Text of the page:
All posts tagged: Baby Loss

September was…Childhood Cancer Awareness Month

But I could not bring myself to write Georgie’s story down until tonight. I got pregnant with Georgie in late spring 2013. I had been longing for another child, to complete our family unit, for years but hadn’t had the courage until then as I had been plagued with severe antenatal and postnatal depression with my first pregnancy with Emma. From the very beginning, my body knew something was amiss with the pregnancy. I had very strong pains in my belly, ended up in the A&E but was dismissed home with pain killers and the advice to return if the pain didn’t subside. It did. I also started waking up at night, shortly after that. If only I had known that this was my “borrowed time”, I would have used it to pour all my love and affection on my unborn baby, much more than I did… There were also other signs no-one could interpret then but in my heart, I know that they were all related to my baby being sick, even from the …

14 months and 20 days later

It has been 14 months and 20 days since my son died but it is only recently that I have realised that grief is going to be part of my life, of me, of who I am until I die. Yes, I did read the books, listened to the stories, talked to other bereaved parents but it has only recently become obvious to me that grief is never going to leave my life and that it is here to stay. For good. That I will have good days always followed, as a rule, by bad, really bad days. That I will get ill much more often than I even did before. That my mind will never be the same; that I have become a head sieve. I forget often and I need constant reminders of appointments and meetings. Loads and loads of patience and understanding too. That I will be sad. Often and deeply and sometimes furiously. That anger will be my closest companion. An existential anger that cannot be directed at any-one, as the …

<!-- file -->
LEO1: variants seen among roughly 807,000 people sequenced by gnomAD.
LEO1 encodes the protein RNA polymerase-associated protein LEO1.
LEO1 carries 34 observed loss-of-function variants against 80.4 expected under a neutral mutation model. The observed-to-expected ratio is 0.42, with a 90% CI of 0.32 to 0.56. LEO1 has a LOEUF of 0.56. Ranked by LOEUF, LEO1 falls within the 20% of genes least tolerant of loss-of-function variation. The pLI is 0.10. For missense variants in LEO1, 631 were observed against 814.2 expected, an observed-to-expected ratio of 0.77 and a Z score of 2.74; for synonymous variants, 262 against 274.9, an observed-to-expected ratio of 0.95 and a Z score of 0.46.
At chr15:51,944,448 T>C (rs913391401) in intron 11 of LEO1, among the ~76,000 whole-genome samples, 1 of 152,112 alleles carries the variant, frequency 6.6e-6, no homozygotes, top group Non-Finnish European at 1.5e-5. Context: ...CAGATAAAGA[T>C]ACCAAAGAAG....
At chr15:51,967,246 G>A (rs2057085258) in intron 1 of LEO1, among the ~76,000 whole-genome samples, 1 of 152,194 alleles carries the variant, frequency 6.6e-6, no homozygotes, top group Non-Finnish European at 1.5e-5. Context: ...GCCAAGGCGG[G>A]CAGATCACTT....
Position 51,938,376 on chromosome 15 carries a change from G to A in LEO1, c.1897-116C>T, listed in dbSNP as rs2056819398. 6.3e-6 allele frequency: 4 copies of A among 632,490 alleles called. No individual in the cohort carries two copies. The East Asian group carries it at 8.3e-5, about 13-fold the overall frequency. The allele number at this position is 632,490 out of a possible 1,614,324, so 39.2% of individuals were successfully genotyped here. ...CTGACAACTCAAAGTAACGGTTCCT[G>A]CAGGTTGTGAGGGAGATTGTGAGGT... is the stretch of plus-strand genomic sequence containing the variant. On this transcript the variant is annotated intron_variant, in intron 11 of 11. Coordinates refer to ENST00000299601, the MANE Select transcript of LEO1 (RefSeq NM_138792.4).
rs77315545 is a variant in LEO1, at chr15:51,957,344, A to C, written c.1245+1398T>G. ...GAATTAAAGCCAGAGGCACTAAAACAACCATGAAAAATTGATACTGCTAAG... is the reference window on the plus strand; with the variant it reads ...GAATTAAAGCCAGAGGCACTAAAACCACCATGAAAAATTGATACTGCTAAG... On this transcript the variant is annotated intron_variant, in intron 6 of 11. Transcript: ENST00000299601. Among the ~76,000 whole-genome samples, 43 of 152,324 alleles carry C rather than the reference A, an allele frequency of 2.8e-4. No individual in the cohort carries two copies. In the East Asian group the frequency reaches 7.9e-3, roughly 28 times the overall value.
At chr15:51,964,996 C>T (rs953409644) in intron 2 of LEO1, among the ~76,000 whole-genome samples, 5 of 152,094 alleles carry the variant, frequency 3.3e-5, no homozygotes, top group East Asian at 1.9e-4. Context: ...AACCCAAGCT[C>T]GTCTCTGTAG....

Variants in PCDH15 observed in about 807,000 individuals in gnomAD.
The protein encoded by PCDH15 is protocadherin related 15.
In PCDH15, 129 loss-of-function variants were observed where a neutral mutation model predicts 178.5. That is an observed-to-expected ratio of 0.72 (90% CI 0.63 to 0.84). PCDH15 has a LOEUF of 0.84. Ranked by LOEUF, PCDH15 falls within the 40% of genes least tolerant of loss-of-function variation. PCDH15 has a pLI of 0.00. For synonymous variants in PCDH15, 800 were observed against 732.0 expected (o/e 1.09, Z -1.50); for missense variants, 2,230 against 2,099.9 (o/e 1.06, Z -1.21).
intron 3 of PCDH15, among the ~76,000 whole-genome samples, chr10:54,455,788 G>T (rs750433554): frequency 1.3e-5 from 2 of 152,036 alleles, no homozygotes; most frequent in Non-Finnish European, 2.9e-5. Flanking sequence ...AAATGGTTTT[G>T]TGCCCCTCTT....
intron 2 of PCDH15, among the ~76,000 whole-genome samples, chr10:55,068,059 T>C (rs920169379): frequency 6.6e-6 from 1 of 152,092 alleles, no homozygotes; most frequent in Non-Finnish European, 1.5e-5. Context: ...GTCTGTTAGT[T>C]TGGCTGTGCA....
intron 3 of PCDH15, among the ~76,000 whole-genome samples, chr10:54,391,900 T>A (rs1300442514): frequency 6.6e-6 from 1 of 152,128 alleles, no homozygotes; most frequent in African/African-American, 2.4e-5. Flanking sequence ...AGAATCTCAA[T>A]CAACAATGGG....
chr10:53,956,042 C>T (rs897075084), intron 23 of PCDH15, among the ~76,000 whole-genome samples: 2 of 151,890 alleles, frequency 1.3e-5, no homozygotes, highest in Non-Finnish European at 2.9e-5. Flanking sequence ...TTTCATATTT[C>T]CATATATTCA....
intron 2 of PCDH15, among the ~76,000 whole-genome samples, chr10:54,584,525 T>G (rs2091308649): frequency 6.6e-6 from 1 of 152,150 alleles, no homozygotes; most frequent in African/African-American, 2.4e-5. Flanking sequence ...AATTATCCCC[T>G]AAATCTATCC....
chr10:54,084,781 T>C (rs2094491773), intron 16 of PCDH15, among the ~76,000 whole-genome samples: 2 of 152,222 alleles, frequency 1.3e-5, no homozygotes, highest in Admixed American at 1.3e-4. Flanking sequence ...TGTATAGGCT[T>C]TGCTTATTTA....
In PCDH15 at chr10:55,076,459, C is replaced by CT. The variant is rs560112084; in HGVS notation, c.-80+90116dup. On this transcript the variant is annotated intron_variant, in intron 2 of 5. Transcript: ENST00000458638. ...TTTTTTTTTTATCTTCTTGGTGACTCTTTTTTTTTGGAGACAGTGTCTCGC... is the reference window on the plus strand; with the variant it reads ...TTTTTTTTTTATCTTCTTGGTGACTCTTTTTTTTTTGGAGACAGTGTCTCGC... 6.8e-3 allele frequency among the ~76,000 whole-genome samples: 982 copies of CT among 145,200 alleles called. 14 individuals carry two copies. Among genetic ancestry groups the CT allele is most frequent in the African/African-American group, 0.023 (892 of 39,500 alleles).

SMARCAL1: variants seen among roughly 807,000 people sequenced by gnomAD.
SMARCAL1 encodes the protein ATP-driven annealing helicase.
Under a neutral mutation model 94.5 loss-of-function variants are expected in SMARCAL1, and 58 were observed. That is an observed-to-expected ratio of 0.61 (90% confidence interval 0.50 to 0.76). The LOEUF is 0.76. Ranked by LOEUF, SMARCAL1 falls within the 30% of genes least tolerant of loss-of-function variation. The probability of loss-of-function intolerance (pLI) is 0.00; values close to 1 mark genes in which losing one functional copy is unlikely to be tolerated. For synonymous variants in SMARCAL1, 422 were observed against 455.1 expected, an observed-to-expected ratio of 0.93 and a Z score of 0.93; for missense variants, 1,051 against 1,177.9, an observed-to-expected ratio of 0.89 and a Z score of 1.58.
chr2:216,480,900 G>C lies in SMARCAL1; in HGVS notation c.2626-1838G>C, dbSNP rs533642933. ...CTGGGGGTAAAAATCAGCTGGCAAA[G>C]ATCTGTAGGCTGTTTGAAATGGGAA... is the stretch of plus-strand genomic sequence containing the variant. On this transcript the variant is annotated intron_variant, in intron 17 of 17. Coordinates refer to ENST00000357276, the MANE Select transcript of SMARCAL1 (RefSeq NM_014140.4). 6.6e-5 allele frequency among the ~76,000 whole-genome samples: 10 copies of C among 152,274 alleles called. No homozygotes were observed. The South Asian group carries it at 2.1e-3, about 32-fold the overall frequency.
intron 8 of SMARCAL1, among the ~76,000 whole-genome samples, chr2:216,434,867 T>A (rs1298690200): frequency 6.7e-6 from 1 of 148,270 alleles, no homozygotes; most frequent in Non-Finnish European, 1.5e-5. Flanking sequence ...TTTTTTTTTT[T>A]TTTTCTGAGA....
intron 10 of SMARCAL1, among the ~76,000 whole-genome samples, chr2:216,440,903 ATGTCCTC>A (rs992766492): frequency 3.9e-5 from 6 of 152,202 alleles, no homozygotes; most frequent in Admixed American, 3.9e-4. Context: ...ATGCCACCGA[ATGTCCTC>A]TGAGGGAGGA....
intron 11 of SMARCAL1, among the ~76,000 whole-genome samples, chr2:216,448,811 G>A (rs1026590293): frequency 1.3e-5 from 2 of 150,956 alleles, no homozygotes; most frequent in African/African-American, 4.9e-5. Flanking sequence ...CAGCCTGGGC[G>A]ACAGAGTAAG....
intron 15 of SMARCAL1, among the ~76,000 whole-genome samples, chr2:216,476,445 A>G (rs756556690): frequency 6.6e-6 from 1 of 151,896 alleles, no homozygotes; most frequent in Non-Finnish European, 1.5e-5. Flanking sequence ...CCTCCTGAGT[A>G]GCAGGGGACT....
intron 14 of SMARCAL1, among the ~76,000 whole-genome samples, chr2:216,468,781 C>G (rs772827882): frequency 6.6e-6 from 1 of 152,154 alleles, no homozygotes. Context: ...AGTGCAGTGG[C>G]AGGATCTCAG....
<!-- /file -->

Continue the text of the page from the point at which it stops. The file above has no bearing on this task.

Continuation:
Grief, galvanized

I have been on the road that no parent ever wants to walk for a year and two months now. In the car today, Alex made a random remark that got me thinking and now, writing. “You have come a long way“, he said, not meaning it as a hurtful remark but as encouragement and praise. Have I truly? I suppose it all depends on the way one looks at things that molds one’s perception. Yes, it does seem we have travelled a long way on the grief path. Our life, post Georgie, has taken turns I have never known to have existed, let alone desired or planned to take before I lost my boy. If I were to put it simplistically and squeeze it all in two sentences, I guess I would say that: 1. grief has completely and utterly transformed me on the inside. 2. grief has(paradoxically and illogically to the non-bereaved) liberated me to see the world in a way I wouldn’t have been able to, had I not lost my son and …

Silence

I sat there, in silence, remembering the silence we shared two summers ago. When you were only a grain, in my pregnant belly. I sat there, willing my memory To go back and find you there, A squirming little life, Full of promise and joy. I sat there, in silence and I remembered the times, we shared, just you and me. Those dark nights at home, when your little bones were sore. Those long days on the ICU ward, with only each other and the beeping machines pumping chemo into your tiny frame as company. I sat there, with my precious memories of you, sweet baby boy, feeling you close, so very close to my very bruised heart. I sat there, in silence, and for a split moment in time, our love managed to transcend death and space and time, and we were together, once again.

When grief falls like a hammer

I have been doing well. As well as a bereaved mother can be doing, shortly after such an important milestone, as Georgie’s death first anniversary. But grief is a wheel which keeps turning and keeps mauling your soul, over and over and over again. I know that talking about Georgie’s life helps other parents, finding themselves in the same horrific situation we have, a year and 30 days ago. I have been receiving messages from people all over the world. And Georgie’s story has been recently published by a women’s magazine in Romania, and I had the absolute honour to introduce my baby boy to a Romanian audience of caring new mothers. But the crust has been ripped off the wounds, once again. I have been waking up frequently during the night, tormented by the same questions. Why my boy? Why like this? Why was he allowed to cross the threshold of existence only to know excruciating pain? Why, Lord, oh, why? I have learned to live with the pain. I have learned to cope …